[00:19:17] Why is there, why do we have another way of doing this? Can we just make it three ways of doing it instead of seven ways of doing it? Is there, can we tidy this up a little bit more.

[00:19:28] Michael Meyers: instead of, is there a module for that? Is there a policy for that is the new question.

[00:19:33] Emma Jane Hogbin: Yeah. My team hates my Google docs, but I think it helps to really, and we are maybe it's relevant to this point, just to talk a little bit about the team structure. and I, I think it's okay for me to talk about this. I don't know. How widely this part of it will go. in terms of the editing process of this video. So my level and below were all contractors into the UN and then Andre, my boss and above are all staff into the UN.

[00:20:00] So we're sort of my level in down are all home-based individuals and everyone else's headquarters based. So that also provides a really, or creates a really interesting tension in terms of what can the staff do working, collaborating, you know, when they're walking into the same office and working on something together, versus what can we do when we work across multiple time zones and the sort of the 24 hour cycle of what we can get done by not being in the same physical space.

[00:20:27] It's also been really interesting to watch the staff struggle a bit during the recent global pandemic, because of course they're all used to being able to collaborate in person. And here we've said, look, our team is already set up to work as a distributed team. We know how to do this. Let's, you know, let us help you in getting used to the changes and even in terms of how we've worked with field offices previously, there might have been a.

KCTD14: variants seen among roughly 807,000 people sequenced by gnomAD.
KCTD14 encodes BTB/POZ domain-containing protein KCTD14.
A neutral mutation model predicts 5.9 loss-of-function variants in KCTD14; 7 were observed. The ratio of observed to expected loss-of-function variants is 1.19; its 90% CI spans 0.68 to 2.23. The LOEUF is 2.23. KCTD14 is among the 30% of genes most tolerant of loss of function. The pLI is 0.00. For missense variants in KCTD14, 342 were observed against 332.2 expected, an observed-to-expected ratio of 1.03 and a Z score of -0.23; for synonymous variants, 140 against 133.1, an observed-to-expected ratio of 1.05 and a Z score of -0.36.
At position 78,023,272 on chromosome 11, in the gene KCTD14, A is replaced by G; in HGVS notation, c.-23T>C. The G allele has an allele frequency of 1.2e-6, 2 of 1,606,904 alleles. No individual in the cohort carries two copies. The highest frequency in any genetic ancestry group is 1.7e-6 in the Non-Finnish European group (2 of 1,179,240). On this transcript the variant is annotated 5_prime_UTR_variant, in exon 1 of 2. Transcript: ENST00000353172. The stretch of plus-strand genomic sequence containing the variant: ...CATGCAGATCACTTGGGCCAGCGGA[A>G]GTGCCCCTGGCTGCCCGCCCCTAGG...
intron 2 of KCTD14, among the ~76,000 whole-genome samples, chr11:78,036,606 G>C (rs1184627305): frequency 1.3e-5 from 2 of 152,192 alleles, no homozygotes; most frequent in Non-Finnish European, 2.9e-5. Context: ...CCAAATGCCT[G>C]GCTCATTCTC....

[00:20:53] I mean previously, like 10 years ago, there might've been the money for someone to just jump on a plane and go and collaborate more, more directly. And now we're, our team is sort of providing some leadership in terms of saying, no, you don't, you don't need to, you can actually work as a distributed team.

[00:21:10] It has some advantages and disadvantages, but it's. It's been an interesting change, I think for the organization as well, to see how someone who is invisible can make such a big change. And I think it's been a positive change for the organization.

[00:21:23] Michael Meyers: Yeah. I think so many organizations again, are, are, are struggling with these challenges.

[00:21:29] But I think there's going to be tremendous long-term benefit, you know, in, in our personal lives. Like I've worked from home for 20 years and Tag1's a virtual company and I. You know, there, there are certainly challenges and, and some drawbacks to it, but it's on a whole wonderful, you know, it gives me a lot of freedom and flexibility and you know, I think our listeners, you know, all are in a similar boat to us and, and, and get it, but for, for big organizations, it's a challenge.

[00:21:56] Emma Jane Hogbin: It's a big change. It's a really, really big change. Yeah.

[00:22:00] Michael Meyers: [00:22:00] And there are a few organizations as big as the UN it's, you know I didn't realize, you know, what you had said about like the team structure and it makes total sense, but like, what I was thinking is like, okay, here you are.